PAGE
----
Human immunodeficiency virus induction of malignant transformation in human B lymphocytes
Cell Transformation, Neoplastic
Herpesvirus 4, Human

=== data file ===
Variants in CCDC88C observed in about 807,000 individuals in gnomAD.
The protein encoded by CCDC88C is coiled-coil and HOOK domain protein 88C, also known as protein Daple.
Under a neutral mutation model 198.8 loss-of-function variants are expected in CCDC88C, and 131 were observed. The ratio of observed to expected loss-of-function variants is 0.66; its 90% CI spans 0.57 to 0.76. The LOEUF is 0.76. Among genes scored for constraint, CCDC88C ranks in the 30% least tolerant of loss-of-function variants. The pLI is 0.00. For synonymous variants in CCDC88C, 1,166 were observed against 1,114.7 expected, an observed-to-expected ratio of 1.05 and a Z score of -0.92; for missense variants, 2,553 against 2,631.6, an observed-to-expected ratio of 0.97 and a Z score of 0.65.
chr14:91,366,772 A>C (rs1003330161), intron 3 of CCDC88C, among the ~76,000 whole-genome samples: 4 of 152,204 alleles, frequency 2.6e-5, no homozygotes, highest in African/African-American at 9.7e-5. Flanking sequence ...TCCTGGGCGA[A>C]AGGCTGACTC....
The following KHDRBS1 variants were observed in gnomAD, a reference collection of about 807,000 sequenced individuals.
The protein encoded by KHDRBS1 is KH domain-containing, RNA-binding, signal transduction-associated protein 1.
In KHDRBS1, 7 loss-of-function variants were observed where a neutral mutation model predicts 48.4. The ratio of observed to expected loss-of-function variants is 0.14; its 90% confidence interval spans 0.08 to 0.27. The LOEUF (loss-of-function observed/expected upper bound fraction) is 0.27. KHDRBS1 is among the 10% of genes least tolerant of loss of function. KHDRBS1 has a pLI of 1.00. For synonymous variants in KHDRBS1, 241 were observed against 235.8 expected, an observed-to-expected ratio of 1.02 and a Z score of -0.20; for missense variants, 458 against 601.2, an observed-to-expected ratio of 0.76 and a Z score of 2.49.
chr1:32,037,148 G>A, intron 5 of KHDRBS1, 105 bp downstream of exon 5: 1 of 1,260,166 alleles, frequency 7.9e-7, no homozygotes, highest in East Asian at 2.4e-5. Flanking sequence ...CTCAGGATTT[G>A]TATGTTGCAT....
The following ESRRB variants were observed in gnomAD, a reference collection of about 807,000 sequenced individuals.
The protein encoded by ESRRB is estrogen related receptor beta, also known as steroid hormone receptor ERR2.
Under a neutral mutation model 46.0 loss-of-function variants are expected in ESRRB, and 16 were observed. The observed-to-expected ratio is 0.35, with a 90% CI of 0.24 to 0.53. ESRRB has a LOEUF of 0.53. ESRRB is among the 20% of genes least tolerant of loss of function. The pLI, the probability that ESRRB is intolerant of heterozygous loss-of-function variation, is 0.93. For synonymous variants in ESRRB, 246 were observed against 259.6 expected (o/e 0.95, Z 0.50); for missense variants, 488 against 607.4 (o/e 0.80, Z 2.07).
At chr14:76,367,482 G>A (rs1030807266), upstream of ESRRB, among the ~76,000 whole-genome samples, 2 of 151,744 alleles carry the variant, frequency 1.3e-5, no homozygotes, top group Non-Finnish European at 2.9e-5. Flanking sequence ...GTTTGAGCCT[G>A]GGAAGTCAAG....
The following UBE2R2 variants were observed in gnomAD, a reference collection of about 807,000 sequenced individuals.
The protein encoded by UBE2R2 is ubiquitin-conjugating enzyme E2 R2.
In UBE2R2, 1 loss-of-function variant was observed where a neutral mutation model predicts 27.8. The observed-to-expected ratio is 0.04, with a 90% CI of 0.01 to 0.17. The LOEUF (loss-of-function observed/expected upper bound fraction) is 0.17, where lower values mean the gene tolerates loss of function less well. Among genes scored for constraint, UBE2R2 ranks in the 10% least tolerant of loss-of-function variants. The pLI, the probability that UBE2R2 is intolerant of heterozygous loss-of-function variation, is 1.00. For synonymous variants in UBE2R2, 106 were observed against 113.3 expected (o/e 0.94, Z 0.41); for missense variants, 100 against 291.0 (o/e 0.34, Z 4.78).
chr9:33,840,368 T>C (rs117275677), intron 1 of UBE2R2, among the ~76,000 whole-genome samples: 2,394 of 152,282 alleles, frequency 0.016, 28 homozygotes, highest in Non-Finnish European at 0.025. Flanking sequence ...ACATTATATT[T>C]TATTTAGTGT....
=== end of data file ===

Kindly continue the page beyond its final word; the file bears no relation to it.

Aggressive B-cell lymphomas are occurring with increasing incidence among individuals infected with human immunodeficiency virus (HIV). Several lines of evidence implicate both Epstein-Barr virus (EBV) and c-myc activation in the pathogenesis of a major subset of these tumors. These observations prompted our investigation of interactions among EBV, c-myc, and HIV in primary B cells. We show that nonimmortalized peripheral B lymphocytes from EBV-seropositive, HIV-seronegative donors can be infected by HIV and that a subset of these lymphocytes become transformed. Malignant transformation was documented by several criteria. These cells displayed altered growth properties, propagating in 1% serum and cloning in soft agar, and formed invasive tumors of Burkitt lymphoma phenotype after subcutaneous injection into severe combined immunodeficiency mice. Such cells revealed marked enhancement of EBV DNA and RNA and of endogenous c-myc transcripts and protein. HIV-1 infection of already immortalized B-cell lines led to a similar upregulation of EBV and c-myc transcripts. These data indicate that HIV has properties of a transforming retrovirus, as it mediates two events linked to B-cell neoplasia: deregulation of c-myc and activation of EBV. They also raise the possibility of a role for HIV, apart from induction of immune suppression, in the pathogenesis of B-cell lymphoma in the acquired immune deficiency syndrome.